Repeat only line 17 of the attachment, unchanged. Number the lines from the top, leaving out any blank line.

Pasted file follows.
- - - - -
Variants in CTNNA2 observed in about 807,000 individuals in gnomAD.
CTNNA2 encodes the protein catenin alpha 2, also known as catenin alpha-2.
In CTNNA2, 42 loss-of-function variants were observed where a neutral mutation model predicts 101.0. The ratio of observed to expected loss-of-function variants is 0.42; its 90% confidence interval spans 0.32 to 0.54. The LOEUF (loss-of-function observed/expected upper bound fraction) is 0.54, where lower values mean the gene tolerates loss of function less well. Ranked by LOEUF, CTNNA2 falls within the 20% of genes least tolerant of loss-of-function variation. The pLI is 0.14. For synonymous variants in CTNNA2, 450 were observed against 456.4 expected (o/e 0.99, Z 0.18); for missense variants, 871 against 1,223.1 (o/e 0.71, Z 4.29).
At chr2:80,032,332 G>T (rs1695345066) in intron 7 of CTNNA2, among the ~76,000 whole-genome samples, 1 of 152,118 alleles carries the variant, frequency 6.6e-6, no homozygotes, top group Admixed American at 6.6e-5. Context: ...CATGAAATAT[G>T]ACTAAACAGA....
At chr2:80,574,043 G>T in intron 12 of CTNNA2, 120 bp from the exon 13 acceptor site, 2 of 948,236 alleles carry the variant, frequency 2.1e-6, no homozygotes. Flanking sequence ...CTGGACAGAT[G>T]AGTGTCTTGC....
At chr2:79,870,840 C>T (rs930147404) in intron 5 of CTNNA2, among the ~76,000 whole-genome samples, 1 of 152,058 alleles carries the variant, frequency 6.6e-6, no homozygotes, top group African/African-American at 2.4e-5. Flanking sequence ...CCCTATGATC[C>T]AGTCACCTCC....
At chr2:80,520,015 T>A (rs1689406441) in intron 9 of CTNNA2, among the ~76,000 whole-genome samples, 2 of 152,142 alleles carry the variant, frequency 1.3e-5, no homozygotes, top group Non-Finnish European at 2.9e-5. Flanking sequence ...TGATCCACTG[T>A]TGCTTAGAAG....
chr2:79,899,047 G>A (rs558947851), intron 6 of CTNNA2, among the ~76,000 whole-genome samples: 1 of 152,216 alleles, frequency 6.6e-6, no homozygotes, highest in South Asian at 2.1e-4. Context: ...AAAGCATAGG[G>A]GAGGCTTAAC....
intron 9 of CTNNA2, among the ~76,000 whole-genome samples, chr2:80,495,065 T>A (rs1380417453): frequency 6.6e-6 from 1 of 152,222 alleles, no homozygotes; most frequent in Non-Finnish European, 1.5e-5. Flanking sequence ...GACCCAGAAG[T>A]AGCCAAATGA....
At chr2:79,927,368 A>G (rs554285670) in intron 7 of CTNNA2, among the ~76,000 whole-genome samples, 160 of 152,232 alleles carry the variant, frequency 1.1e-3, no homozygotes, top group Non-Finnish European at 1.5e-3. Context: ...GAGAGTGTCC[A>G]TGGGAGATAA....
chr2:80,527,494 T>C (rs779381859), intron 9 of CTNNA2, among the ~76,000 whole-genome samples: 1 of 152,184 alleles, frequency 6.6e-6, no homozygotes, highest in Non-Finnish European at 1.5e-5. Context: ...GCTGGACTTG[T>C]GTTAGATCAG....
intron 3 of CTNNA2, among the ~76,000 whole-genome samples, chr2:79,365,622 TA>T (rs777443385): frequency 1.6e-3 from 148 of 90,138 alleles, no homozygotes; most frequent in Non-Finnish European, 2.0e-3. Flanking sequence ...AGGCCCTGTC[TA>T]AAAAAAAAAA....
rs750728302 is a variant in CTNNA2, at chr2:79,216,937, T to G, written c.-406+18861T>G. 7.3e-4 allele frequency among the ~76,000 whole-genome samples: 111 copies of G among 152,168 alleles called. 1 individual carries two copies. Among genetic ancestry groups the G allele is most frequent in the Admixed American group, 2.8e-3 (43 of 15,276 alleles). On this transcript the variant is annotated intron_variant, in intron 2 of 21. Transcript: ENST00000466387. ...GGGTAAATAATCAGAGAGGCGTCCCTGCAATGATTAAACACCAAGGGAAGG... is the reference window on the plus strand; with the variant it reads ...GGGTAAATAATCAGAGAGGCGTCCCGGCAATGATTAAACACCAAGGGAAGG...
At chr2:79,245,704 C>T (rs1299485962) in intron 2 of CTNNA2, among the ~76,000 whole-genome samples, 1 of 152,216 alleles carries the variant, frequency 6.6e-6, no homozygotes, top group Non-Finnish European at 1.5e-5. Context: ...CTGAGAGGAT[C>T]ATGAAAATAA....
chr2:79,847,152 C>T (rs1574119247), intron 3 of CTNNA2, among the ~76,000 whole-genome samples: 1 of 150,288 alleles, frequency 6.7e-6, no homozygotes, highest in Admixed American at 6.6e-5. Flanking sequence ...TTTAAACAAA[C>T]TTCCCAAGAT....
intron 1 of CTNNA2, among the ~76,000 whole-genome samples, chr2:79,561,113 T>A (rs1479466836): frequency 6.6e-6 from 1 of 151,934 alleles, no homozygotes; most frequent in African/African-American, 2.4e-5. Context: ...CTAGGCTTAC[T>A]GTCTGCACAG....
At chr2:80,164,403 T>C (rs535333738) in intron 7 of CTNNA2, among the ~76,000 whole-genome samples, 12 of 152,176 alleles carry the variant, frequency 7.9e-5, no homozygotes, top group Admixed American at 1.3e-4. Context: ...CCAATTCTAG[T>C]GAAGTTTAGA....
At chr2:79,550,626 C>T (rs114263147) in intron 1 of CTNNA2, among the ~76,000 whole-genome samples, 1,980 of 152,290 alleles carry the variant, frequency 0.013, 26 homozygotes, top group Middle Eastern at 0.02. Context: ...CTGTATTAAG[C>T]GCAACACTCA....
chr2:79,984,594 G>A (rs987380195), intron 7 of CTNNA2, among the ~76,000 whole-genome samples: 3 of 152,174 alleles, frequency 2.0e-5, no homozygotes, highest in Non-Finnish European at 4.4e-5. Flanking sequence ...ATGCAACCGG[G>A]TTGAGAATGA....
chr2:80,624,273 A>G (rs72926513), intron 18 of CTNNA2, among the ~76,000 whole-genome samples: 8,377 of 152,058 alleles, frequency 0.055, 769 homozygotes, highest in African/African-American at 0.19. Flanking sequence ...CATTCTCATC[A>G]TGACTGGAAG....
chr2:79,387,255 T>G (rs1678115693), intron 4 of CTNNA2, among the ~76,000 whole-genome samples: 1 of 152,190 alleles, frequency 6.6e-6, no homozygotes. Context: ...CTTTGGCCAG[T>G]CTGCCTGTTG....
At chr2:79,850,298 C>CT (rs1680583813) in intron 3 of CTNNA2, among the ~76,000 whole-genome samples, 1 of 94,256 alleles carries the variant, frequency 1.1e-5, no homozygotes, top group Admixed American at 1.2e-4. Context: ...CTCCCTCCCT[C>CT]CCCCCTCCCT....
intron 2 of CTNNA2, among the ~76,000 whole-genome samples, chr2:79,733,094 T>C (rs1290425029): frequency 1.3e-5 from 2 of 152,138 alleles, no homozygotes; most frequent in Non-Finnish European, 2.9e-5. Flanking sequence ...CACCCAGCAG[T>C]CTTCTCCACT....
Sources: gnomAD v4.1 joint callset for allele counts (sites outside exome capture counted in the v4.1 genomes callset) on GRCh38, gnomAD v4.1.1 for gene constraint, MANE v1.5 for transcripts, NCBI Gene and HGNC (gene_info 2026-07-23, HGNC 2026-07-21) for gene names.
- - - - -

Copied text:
At chr2:80,164,403 T>C (rs535333738) in intron 7 of CTNNA2, among the ~76,000 whole-genome samples, 12 of 152,176 alleles carry the variant, frequency 7.9e-5, no homozygotes, top group Admixed American at 1.3e-4. Context: ...CCAATTCTAG[T>C]GAAGTTTAGA....